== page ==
4. I don't see it as abandoning distributed lethality. NSM will have limited retargeting capabilities and the launch platform itself can be networked. It appears that they simply don't see the cost benefit of paying significantly more money to get less missiles with marginally more effective networking for the LCS style mission. AKA, the NSM cost/benefit is the better fit for the LCS/frigate style mission set.

      They'll still have the capability to load in some VL-LRASM in all the proposed frigate designs via MK41 but it won't form the mainline offensive capability for the ship. In addition, they'll have LRASM capability in the fleet at large.

      I view it similar to the fact that the army has a wide variety of weapons and platforms and doesn't see a strict need that every weapon fires the same ammunition. Not every aircraft cannon needs to be a GAU-8, not every cannon needs to be 30mm, etc.

    5. Hey, don't get me wrong. I'm not particularly for or against any specific missile. I'm just puzzled by the apparent desire to "push" the other manf's out of the competition. Why wouldn't the Navy at least want to see what the others bid?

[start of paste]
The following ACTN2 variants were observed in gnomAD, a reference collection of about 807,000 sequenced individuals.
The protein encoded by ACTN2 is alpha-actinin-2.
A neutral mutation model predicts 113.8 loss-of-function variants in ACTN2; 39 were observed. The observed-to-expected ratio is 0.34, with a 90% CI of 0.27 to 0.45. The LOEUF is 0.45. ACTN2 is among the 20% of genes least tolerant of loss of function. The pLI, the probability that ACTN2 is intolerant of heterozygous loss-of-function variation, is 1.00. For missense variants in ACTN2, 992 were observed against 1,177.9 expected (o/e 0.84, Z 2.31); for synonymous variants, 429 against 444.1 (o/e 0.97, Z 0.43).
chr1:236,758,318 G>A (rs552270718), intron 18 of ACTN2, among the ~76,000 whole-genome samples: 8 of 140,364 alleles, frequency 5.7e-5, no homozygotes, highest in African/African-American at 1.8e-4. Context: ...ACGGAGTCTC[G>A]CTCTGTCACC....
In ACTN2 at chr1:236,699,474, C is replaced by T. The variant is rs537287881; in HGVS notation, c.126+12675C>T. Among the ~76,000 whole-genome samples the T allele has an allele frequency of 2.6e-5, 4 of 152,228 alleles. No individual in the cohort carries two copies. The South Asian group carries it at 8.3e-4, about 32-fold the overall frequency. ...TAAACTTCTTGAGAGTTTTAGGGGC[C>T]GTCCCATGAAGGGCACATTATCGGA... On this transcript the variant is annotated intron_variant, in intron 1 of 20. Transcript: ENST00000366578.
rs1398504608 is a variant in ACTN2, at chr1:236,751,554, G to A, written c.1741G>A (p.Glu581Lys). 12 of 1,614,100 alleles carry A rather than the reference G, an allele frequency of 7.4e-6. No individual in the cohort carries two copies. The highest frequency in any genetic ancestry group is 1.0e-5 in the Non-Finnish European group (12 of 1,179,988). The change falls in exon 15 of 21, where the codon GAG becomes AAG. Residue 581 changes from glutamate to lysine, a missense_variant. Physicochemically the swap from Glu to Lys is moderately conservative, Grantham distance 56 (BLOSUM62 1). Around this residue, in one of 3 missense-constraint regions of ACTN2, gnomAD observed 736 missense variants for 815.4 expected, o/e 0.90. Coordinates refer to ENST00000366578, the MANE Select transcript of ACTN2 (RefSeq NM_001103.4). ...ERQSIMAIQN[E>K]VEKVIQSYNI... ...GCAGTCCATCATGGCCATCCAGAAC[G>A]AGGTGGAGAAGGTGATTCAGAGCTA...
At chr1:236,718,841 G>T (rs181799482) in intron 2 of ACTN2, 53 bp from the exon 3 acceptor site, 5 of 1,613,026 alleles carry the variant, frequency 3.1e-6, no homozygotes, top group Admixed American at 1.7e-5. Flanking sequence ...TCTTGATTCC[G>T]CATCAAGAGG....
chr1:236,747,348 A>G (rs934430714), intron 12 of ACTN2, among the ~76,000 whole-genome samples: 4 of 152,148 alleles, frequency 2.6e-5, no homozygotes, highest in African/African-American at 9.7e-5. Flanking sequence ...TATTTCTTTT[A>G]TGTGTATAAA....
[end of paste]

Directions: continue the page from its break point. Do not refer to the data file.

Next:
There's something else going on here and I'm missing it.

    6. It might not be so much the Navy pushing them out as Kongsberg/Raytheon doing it. NSM is by all reports significantly cheaper than both LRASM/Harpoon and if the contest is structured as a price sensitive one with little to no bonus for exceeding requirements, then it may simply be Boeing/LM saving face. AKA, they knew they weren't going to win, so why compete.

      AKA, the navy starts a contest for land attack missiles, Tomahawk and JSOW both enter, Navy releases requirements to 100nm range, Tomahawk withdraws.

  7. Given the warhead difference, I really hope LRASM is still a possibility for the Burkes.

    I'm not really concerned or bothered by what arms the LCS anymore.

  8. "Kongsberg NSM - Where's the Magic?" Another vote for weight.

    Both the LCS classes are severely weight challenged by design. Austal April 5 at SAS 2017 showed their contender for the LCS/frigate competition fitted with 16 x OTH-WS missiles. Sixteen NSMs (900 lbs) vers. LRASM (~2,250 lbs) show a total weight saving of ~10 tons in favor of the NSM.

    The 'Austal Independence Frigate' is a 3,500 tons ship with range quoted at 4,300 nm at 12 knots(equivalent to ~2,900 nm at 16 knots), highlighting the desperate need to save weight for fuel. The Austal Independence class is a paragon of virtue compared with the LM Freedom class in max. nm range capabilities.

    The Navy need to save face to justify the LCS ships, something more impressive than the Bofors 5 mile 2 1/4" main gun, so the lighter NSM, so no Third Offset Strategy with distributed lethality and only left with ability to target enemy ships at ~ 20+ miles with the 100 mile NSM.